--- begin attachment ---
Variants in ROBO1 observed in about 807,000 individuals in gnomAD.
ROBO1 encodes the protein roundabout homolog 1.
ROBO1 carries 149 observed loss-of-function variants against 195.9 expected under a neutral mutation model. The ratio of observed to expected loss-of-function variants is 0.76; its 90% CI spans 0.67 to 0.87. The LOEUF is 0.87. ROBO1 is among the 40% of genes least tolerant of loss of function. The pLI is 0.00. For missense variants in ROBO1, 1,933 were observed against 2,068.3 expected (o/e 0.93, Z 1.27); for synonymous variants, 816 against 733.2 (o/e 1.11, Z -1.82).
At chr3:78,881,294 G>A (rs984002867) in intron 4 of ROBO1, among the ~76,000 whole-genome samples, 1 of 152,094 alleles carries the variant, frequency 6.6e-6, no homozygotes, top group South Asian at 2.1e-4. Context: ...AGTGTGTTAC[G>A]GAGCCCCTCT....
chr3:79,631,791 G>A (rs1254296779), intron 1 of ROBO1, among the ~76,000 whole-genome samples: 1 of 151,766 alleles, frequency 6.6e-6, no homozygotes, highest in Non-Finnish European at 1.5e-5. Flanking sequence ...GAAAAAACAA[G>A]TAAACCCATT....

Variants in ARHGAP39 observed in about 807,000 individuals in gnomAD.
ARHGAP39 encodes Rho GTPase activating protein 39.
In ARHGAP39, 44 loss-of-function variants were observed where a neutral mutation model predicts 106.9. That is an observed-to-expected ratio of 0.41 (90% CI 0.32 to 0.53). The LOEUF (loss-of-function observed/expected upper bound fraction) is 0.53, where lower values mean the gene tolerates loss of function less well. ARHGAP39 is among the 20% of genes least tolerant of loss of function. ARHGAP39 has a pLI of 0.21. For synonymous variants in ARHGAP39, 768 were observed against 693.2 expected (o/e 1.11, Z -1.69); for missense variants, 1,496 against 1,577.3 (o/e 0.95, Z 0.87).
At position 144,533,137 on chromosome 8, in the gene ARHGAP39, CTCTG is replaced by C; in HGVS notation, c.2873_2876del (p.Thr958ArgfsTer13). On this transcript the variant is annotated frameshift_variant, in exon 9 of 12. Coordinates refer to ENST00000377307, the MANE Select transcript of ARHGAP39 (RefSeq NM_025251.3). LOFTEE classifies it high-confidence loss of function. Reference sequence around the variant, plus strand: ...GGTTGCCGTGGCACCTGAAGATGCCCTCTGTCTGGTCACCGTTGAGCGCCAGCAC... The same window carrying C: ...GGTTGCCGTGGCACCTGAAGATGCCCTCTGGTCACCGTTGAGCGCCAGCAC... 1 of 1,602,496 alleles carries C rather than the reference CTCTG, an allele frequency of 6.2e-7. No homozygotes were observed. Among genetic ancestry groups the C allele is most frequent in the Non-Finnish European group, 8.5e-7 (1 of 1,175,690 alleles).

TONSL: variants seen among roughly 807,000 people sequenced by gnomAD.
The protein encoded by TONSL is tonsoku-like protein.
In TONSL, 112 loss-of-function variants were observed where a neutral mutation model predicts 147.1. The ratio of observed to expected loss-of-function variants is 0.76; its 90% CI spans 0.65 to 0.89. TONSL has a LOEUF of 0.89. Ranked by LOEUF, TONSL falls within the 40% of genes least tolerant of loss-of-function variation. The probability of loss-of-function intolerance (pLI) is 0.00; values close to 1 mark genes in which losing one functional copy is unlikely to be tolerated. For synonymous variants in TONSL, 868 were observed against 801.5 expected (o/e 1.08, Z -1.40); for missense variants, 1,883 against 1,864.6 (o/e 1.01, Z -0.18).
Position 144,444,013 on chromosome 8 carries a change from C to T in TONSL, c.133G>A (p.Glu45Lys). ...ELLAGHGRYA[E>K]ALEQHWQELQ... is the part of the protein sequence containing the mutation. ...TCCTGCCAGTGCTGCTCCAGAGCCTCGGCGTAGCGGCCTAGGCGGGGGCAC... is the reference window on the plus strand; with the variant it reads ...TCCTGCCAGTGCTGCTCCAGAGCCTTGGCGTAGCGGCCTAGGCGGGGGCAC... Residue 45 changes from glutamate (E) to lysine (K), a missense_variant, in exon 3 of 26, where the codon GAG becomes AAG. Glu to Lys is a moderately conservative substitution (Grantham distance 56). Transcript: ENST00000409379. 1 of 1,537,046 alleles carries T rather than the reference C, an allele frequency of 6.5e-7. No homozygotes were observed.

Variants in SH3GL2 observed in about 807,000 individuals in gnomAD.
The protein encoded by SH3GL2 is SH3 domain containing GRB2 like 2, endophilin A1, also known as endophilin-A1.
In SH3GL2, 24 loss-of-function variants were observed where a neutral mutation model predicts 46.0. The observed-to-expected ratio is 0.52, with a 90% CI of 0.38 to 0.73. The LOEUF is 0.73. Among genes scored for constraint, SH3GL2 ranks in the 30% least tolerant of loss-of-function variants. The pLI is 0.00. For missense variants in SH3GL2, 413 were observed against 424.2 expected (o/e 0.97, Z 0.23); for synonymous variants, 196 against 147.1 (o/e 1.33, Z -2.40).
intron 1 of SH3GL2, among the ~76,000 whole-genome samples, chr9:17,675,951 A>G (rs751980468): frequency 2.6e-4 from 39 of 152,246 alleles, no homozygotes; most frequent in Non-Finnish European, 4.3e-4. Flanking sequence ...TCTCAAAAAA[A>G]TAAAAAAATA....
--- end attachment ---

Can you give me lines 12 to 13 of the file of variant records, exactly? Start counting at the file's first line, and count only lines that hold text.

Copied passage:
In TONSL, 112 loss-of-function variants were observed where a neutral mutation model predicts 147.1. The ratio of observed to expected loss-of-function variants is 0.76; its 90% CI spans 0.65 to 0.89. TONSL has a LOEUF of 0.89. Ranked by LOEUF, TONSL falls within the 40% of genes least tolerant of loss-of-function variation. The probability of loss-of-function intolerance (pLI) is 0.00; values close to 1 mark genes in which losing one functional copy is unlikely to be tolerated. For synonymous variants in TONSL, 868 were observed against 801.5 expected (o/e 1.08, Z -1.40); for missense variants, 1,883 against 1,864.6 (o/e 1.01, Z -0.18).
Position 144,444,013 on chromosome 8 carries a change from C to T in TONSL, c.133G>A (p.Glu45Lys). ...ELLAGHGRYA[E>K]ALEQHWQELQ... is the part of the protein sequence containing the mutation. ...TCCTGCCAGTGCTGCTCCAGAGCCTCGGCGTAGCGGCCTAGGCGGGGGCAC... is the reference window on the plus strand; with the variant it reads ...TCCTGCCAGTGCTGCTCCAGAGCCTTGGCGTAGCGGCCTAGGCGGGGGCAC... Residue 45 changes from glutamate (E) to lysine (K), a missense_variant, in exon 3 of 26, where the codon GAG becomes AAG. Glu to Lys is a moderately conservative substitution (Grantham distance 56). Transcript: ENST00000409379. 1 of 1,537,046 alleles carries T rather than the reference C, an allele frequency of 6.5e-7. No homozygotes were observed.